The Plague, Reviewed
The tagline of Detroit’s Rotland Press is “Fine Publisher of Excursions Into Humor + Despair” and, well, the latter is something many of us are more intimately familiar with these days in quarantine as we crave the former.
The tagline also perfectly encapsulates Rotland’s latest project: The Plague Review.
Cover by S. William Schudlich; image by David Opdyke
The second issue launched yesterday, and though the first two installments may have been hastily assembled to capture the pandemic in real time, they feel anything but—in 56-page bursts, they offer myriad lenses on COVID-19 in the form of art by David Shrigley, Chloé Poizat, David Opdyke and others, comics from the likes of Irene Montemurro, Chris Cilla, Johnny Damm and D.B. Dowd, interviews with Joanna Ebenstein of Morbid Anatomy, artist Sue Coe and filmmaker Guy Maddin, and much more.
As Rotland publisher and Plague Review editor Ryan Standfest writes in his opening editor’s note, “In keeping with the mission of Rotland Press, The Plague Review presents a collection of responses to this moment that engenders the need to give form to collective trauma. Addressing that which challenges our lives at this time, the voices in this publication swing wildly from hope to grief, from intimate joy to overwhelming outrage. From visual makers and thinkers around the world who have worked toward evoking and representing that which is subjectively felt and not directly observed, strategies of thought contemplation mingle with mordantly humored bursts of enthusiastic despair. Collectively, the work contained herein represents a vital attempt at getting a psychic foothold within a pit where the fissures are often difficult to see.”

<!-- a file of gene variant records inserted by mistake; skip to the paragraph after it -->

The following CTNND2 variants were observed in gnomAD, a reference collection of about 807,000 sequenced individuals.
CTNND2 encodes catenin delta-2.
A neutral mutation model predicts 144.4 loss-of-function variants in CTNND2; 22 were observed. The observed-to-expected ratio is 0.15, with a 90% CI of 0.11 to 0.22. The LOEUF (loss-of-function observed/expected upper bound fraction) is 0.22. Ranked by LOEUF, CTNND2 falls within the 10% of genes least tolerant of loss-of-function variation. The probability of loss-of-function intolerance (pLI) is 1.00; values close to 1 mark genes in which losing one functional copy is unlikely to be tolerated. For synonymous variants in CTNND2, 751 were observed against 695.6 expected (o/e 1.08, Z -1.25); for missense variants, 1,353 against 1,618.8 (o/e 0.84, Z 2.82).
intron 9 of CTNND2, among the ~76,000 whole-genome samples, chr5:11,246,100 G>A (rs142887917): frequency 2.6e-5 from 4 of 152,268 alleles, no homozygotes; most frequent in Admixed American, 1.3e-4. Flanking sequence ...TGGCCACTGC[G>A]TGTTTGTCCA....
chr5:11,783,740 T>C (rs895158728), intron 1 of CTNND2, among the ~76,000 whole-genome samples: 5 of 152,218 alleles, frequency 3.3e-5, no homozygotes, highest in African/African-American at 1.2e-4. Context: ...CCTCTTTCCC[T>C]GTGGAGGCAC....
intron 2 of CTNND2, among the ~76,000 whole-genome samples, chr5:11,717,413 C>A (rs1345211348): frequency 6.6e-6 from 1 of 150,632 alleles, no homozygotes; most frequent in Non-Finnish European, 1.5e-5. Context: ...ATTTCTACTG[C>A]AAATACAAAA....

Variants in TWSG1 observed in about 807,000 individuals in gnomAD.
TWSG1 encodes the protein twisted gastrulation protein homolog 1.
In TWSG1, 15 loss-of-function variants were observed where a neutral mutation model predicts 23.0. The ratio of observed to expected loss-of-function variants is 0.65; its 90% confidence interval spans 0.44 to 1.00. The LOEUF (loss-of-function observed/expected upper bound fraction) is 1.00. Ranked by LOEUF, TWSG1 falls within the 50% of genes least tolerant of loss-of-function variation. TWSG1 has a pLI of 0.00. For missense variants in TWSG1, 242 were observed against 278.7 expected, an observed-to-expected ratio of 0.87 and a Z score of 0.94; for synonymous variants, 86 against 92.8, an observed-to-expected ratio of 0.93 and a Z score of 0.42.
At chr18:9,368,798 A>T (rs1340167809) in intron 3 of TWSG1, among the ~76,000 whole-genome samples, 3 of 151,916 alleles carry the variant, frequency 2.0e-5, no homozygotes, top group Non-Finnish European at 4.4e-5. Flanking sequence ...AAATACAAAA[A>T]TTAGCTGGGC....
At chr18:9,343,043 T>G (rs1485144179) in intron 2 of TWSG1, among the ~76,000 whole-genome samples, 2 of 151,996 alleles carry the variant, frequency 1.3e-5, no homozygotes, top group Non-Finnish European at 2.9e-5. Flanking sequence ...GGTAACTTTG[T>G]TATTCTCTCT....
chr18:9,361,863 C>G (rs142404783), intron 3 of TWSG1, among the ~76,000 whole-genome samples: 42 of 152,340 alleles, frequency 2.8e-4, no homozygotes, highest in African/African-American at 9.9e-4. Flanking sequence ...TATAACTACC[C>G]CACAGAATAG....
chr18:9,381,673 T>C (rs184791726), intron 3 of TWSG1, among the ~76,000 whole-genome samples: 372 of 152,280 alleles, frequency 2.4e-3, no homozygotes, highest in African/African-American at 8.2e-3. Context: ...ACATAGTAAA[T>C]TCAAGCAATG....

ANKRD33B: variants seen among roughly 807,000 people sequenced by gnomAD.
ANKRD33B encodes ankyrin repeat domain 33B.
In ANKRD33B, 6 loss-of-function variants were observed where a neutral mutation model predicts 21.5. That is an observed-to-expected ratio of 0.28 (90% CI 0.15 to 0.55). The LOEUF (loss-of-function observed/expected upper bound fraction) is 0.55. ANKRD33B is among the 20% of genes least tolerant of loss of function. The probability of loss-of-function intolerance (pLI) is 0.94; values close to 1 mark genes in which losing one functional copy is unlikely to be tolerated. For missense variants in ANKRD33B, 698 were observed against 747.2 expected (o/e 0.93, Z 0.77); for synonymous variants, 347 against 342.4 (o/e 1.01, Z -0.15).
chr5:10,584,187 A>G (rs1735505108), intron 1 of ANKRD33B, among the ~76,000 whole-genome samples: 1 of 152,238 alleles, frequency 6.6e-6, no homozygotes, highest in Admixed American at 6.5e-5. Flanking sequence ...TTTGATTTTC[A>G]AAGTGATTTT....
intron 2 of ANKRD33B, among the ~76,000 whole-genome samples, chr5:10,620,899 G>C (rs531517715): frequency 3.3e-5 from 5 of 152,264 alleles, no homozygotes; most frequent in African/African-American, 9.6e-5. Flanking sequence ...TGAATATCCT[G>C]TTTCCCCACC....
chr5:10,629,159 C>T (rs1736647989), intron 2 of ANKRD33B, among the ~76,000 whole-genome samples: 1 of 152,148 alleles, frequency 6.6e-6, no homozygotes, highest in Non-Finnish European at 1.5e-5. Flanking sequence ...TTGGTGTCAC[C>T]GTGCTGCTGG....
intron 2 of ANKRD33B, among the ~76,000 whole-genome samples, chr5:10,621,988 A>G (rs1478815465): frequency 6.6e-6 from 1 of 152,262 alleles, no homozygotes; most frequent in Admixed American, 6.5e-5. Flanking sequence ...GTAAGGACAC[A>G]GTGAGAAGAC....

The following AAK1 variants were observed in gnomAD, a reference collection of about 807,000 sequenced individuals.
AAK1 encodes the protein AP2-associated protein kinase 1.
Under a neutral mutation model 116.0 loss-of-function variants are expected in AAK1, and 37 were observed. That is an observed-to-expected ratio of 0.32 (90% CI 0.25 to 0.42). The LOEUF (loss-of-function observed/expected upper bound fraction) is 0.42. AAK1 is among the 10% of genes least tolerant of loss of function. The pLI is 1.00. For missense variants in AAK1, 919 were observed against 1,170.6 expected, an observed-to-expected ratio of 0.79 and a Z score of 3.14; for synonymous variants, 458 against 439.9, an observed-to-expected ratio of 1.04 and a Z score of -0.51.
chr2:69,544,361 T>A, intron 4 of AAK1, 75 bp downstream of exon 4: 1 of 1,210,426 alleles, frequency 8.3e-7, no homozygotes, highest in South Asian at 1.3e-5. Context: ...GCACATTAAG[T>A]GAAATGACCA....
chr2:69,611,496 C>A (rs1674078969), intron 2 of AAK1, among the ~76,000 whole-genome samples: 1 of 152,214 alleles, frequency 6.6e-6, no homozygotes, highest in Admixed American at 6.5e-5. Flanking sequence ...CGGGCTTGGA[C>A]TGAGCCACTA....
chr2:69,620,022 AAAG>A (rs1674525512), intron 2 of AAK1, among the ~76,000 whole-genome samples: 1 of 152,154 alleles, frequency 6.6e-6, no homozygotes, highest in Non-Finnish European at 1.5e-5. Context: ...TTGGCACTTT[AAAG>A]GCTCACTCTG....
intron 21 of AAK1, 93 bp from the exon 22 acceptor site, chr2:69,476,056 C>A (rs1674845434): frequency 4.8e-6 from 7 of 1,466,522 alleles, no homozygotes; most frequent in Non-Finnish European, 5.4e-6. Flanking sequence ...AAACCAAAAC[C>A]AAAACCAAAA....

Ultimately, The Plague Review is more mirror than morbid—the mosaic of emotions presented in its pages offer a panorama of the pandemic and the world as we experience it today.
Rotland Press intends to publish the Review as a free digital read until COVID-19 ends. At that point, the issues will be printed in a limited run.
Here are a few pages and spreads from the first two issues. Check them out in full here.
Amze Emmons; Wouter Vanhaelemeesch
Image: Fred Stonehouse
Paul Nudd; Erik Ruin